Capital Focus: Energy contract could save state $1 million
The Board of Examiners on Tuesday approved a contract that Treasurer Kate Marshall says could save the state up to $1 million in energy costs.
But it won’t be from installing efficient lightbulbs or thicker insulation.
LPB Energy Management of Dallas President Matthew Berke said the corporation helps clients reduce energy costs by collecting historical and current utility bills and funneling them through a computer program that helps find billing and other errors. He said the state gets thousands of utility bills every month and, in many cases, they are paid without auditing to determine if they are correct.
“No one is tracking the bills,” he said.
Under the contract, he said, LPB doesn’t charge the state for its services. Instead, the company gets half of any savings its auditors find. He said those savings are cost reductions the state would not otherwise receive.
As an example, he said LPB found $51,000 in savings for operators of Texas Stadium in Dallas.
Berke said bills for lighting on state highways is a good example. He said those are often charged a flat fee each month. But sometimes, lights can be burned out for weeks or longer before they are replaced and the state still gets charged a fee even though they aren’t using any electricity.
He said the company eliminates paper utility bills, centralizing all utility bill processing. He said that alone can save the state up to $20 per invoice in costs from state workers who process the bills and mail out payments.
And since that centralizes all utility records in a database, Berke said his staff can point to areas where state agencies can make further savings by changing utility use patterns.
Marshall said all state agencies, the university system and local governments can use the contract with LPB.
“Not only does the contract and assessment by LPB have the potential of saving taxpayer dollars, the state will also be doing it’s part to help the environment through better conservation of natural resources,” she said.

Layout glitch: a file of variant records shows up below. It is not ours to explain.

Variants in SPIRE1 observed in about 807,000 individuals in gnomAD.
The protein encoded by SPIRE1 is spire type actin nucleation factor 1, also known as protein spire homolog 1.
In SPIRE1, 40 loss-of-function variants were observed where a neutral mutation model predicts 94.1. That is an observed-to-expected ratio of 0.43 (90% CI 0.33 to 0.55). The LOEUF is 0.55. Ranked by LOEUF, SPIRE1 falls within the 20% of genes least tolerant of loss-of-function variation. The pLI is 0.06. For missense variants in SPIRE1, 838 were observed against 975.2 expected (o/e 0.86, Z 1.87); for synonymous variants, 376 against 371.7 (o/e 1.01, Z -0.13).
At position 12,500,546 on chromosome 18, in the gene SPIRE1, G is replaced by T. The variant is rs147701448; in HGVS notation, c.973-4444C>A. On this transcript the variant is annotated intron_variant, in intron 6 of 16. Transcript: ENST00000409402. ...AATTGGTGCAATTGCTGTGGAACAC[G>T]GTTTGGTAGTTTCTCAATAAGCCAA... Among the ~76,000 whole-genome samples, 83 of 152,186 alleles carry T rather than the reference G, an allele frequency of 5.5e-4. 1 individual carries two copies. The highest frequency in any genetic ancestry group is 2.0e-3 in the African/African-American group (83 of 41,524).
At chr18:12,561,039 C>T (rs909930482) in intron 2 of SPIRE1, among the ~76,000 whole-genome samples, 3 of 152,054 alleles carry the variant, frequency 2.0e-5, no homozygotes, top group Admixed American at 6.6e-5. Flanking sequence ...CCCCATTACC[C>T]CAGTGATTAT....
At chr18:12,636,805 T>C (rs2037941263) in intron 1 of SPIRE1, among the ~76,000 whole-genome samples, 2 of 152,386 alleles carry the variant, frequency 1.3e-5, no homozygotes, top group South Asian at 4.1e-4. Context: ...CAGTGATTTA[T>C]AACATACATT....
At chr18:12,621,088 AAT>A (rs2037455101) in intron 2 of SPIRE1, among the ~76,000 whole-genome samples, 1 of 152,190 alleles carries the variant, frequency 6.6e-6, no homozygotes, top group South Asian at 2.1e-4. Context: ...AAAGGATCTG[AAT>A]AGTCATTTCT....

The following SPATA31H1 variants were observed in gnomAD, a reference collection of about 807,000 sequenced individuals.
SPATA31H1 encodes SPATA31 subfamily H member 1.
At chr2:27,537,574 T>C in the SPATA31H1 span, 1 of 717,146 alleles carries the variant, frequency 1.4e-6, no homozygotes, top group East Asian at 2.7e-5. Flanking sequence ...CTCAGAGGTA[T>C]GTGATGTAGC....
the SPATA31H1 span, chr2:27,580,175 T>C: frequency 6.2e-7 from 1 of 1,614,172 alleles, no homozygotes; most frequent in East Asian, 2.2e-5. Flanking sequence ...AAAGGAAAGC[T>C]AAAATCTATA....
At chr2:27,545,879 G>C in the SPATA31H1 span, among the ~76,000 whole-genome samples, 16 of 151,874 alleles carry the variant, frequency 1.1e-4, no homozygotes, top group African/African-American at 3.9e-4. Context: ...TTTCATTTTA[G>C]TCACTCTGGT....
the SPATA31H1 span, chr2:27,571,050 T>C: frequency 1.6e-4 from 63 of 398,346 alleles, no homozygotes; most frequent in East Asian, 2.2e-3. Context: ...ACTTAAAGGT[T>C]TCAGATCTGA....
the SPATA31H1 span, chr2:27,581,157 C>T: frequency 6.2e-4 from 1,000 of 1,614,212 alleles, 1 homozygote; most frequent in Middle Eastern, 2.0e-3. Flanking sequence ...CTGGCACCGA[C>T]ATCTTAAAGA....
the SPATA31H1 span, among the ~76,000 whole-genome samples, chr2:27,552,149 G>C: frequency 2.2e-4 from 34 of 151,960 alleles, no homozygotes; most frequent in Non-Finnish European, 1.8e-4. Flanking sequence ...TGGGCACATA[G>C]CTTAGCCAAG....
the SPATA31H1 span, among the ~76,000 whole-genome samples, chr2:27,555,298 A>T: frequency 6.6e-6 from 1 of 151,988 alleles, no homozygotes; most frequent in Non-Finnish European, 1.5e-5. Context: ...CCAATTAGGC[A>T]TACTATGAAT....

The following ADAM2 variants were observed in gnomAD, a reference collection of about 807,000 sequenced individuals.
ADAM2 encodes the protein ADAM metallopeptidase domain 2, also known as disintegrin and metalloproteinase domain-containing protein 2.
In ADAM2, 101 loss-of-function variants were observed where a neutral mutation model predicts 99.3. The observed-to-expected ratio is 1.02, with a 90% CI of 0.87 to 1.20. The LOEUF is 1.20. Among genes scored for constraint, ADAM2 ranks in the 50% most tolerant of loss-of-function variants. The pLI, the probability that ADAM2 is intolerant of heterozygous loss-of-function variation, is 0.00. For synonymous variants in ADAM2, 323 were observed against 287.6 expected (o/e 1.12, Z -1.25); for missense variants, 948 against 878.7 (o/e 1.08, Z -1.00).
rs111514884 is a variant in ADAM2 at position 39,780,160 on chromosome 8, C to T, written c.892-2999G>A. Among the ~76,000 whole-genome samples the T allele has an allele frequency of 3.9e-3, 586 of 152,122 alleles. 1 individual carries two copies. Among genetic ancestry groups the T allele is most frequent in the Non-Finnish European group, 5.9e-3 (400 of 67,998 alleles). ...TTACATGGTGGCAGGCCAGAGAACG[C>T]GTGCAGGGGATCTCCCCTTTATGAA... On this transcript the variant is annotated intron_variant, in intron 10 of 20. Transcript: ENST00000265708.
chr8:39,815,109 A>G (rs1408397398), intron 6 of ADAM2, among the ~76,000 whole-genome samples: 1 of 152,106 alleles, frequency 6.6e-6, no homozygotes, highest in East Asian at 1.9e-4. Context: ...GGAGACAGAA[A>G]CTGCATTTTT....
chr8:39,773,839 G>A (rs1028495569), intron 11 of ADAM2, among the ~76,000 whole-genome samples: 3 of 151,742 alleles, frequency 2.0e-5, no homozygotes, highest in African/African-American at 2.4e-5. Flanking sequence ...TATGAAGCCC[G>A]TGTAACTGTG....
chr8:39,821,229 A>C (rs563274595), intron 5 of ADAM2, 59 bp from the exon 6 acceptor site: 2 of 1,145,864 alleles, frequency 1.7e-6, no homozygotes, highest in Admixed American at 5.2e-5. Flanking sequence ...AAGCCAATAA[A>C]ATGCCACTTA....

In other Capitol news:
Gilliland named welfare director
Health and Human Services Director Mike Willden has named Romaine Gilliland the new administrator of the Welfare & Supportive Services Division.
Gilliland has been the division’s deputy fiscal administrator for the past 18 months, working on strategic and tactical planning and oversight of fiscal operations.
Willden said he has done “a tremendous job and has shown himself as a solid leader.”
Gilliland’s previous service to the state includes work as the chief financial officer with the Nevada Department of Employment, Training and Rehabilitation, as well as work as the chief accountant for the division he will now head.
Judicial Ethics names new chairman
The Committee on Judicial Ethics and Election Practices has elected Kathleen Paustian chairman for the coming two years.
She replaces Gordon DePaoli, who leaves the committee at the end of this year.
Dan Reaser was named vice chairman of the committee. He replaces Paustian as vice chair.
Paustian is a partner with Gonzales, Saggio, Harlan in Las Vegas. She has been a member of the standing committee since 2001.
Reaser is a shareholder with the Lionel Sawyer & Collins law firm based in Reno. He has been on the committee since 2004.
Early Intervention Services cut by $5 million
Early Intervention Services to developmentally delayed children will be reduced from a base General Fund budget of approximately $19 million a year to $14 million a year. That will result in the loss of 14.28 full time equivalent positions. Two offices will be closed, 15,219 service hours will be lost and 380 children impacted.
Meetings and events scheduled for the coming week include:
– Dec. 10, 9 a.m., Legislature Room 3138. Nevada Silver Haired Legislative forum.
– Dec. 11, 9:30 a.m., Legislature Room 4100. Legislative Commission Audit Subcommittee.
– Dec. 15, 1:30 p.m., Legislature Room 2134. Interim Retirement and Benefits Committee.
Supreme Court returns more cash to budget
The Nevada Supreme Court is returning another $1 million to the General Fund this fiscal year.
Incoming Chief Justice Jim Hardesty said that brings the total amount reverted to the treasury to help meet the state’s budget crisis to nearly $1.7 million.
In this fiscal year, he said $151,110 comes from delaying implementation of the court’s new case management system. Another $380,000 will come from the account which pays district judges’ salaries around the state and $107,192 will come from the Senior Judge Program. And $362,105 consists of salary savings by not filling vacant positions this year.
Earlier in this fiscal year, the court reverted some $680,000 to the General Fund. That is on top of the $1.9 million reverted in fiscal 2008. That money was generated by not only budget reductions but increases in the collection of administrative assessment on misdemeanor convictions and traffic fines.
Contact reporter Geoff Dornan at firstname.lastname@example.org or 687-8750.